One of the things IT managers face is losing touch with the technical aspects of the projects they manage. That's OK if you've got plenty of talented people working for you. But when you have a small staff and lose a key person, you have to be able to step in and do the work yourself.

Personally, I have always tried to stay as hands-on as possible without losing my vision of the overall strategy. Technical people often get hung up on the details and forget to step back to see the big picture. A good manager keeps the vision in mind and guides the team in the direction of what's good for the business, which does not always jibe with what the technical team thinks is important to focus on.

In my realm, this plays out with me reining in the most severe security impulses of the professionals who work for me while ensuring that security is tight. They want the network locked down as much as possible, as they should. I do too, but I have to keep in mind our users and the efficient functioning of the state agency we work for.

For example, I don't want users to be forced to choose a very strong password that has to be changed every 30 days. The security professional in me knows that every increment of protection helps, but the manager in me knows that users resist strictures that constrain efficient work habits. If you institute practices that users will ignore or circumvent - by posting their strong passwords on their monitors, for instance - you've done nothing to increase your security profile.

But how does a manager stay hands-on when skills are constantly being ratcheted up?

We had a windfall in training dollars this year. A lot of training money had gone unused; it was as if Christmas had fallen at the end of the fiscal year instead of the end of the calendar year. I set to work right away assessing the skills of the team and the areas where we needed to get stronger. Then it dawned on me: I could use some additional training myself.

Managers don't usually go off to get more technical training. But my team is small and often needs me to pitch in, so why not? I'm not looking for additional credentials. I already have an advanced degree and four certifications (which mean nothing in some circles and a great deal in others, but that's another story).

I'm looking to enhance my skills so I will better understand what my employees are doing and how I can help them. What I need is an in-depth understanding of networking technologies as they relate to security. The thought that I could send my entire team off to enhance their skills and still have money to make myself more effective in my job got me kind of excited.

First, I turned my attention to what my team needed. Our environment runs primarily on Microsoft and Cisco products, and training in those two areas would be the focus. I went to the team members and asked them to decide what they needed and pick training courses. Their choices were amazingly in sync with what I thought they required. Hooray for communication! I made just a couple of adjustments that everyone immediately agreed to.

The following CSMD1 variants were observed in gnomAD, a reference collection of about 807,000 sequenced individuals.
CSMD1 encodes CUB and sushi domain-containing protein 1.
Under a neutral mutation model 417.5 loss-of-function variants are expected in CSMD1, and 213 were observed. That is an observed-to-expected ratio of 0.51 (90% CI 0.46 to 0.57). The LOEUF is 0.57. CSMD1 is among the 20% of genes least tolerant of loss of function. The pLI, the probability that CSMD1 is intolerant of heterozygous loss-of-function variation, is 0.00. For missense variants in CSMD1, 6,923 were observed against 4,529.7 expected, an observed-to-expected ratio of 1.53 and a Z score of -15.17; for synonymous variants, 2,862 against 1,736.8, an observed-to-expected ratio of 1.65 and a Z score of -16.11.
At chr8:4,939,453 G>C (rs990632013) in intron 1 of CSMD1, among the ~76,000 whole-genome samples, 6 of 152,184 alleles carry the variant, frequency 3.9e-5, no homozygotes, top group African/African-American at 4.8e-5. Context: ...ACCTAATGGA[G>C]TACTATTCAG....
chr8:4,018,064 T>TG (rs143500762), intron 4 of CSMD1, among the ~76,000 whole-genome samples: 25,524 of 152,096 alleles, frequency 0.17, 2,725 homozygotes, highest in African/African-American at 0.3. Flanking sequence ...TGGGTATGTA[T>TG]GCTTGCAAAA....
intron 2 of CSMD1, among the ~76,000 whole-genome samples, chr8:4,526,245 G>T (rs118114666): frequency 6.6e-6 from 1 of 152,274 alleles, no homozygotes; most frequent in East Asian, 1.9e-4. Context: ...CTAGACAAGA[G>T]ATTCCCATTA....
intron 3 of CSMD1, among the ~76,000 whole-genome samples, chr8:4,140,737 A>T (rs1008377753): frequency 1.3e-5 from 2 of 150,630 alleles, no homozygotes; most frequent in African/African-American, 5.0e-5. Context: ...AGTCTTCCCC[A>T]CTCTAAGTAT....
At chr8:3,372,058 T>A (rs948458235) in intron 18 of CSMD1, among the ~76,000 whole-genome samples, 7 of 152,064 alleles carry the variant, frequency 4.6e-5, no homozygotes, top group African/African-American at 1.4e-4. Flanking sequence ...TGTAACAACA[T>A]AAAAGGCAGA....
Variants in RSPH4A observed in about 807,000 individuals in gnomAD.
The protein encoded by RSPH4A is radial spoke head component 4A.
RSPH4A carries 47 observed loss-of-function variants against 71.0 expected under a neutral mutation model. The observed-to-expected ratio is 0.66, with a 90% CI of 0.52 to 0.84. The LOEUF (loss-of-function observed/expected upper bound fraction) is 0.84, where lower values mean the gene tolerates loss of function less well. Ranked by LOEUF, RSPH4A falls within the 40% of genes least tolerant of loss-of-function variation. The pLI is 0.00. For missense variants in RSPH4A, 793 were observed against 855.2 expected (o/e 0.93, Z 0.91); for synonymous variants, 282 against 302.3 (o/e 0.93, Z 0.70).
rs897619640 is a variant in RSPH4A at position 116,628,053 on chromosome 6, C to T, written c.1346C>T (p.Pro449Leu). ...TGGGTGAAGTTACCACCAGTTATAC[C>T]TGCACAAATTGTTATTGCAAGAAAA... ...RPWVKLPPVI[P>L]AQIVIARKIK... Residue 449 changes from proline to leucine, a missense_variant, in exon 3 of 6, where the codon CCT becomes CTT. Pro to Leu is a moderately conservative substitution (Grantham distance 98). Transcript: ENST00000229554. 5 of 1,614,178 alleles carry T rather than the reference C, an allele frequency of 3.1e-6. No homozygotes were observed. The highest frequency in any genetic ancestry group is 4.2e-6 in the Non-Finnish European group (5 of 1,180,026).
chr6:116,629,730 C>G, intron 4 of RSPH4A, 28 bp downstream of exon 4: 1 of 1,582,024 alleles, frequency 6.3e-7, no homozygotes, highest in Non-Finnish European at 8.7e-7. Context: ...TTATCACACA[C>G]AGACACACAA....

Then it was my turn. What were my knowledge gaps? For me, my No. 1 training priority was clear. I had always wanted to achieve the CCIE (Cisco Certified Internetwork Expert). Many years ago, I purchased the entire study series, including the hands-on lab guide. From time to time, I pick up those books and read a few chapters. I also use them as reference materials when network problems come up. I've probably learned a lot just by having those books close at hand. But I haven't made any real progress toward the CCIE.

I'll have to start at the beginning by achieving the CCNA (Cisco Certified Network Associate) and build upon that. But I want to get through that quickly so I can move on to the good stuff.

My plan is to take an e-learning course for the CCNA. I'll kick my way through that in a month or two, take the exam and check that off my list. (If only I could do the Base10 to Base2 to Hex conversions in my head!) Then on to the advanced training. I want to understand the functioning and applicability of every security feature of every Cisco device imaginable, from switches and routers to firewalls and virtual private networks to intrusion-detection and -prevention systems.

So my goal this year, after I get the CCNA out of the way, is to achieve the next level of training up from that, the CCSP (Cisco Certified Security Professional). I can take a class at the end of this year. It will require me to be gone from the office for two straight weeks while I endure 12-hour days cramming this stuff into my brain. But I will be on the road at last to that top-level certification.

I've said it before: I'm lucky to have a good boss. When I told him what I wanted to do, he understood where I was coming from and approved all my training. Like me, he understands how important it is to keep up with the technology in a real and practical way. He's a closet coder himself, often developing programs we need over the weekends.

My Cisco training is going to cost about US$10,000. That's a lot of money to spend on technical training for a manager. But if I had to hire someone with these skills, it would cost us well over six figures a year. State agencies usually can't afford to hire talent at Silicon Valley wages, even though state and federal governments are required to secure their networks at a high degree of sophistication.

Well, we can pay the piper now or later. We'll do it now.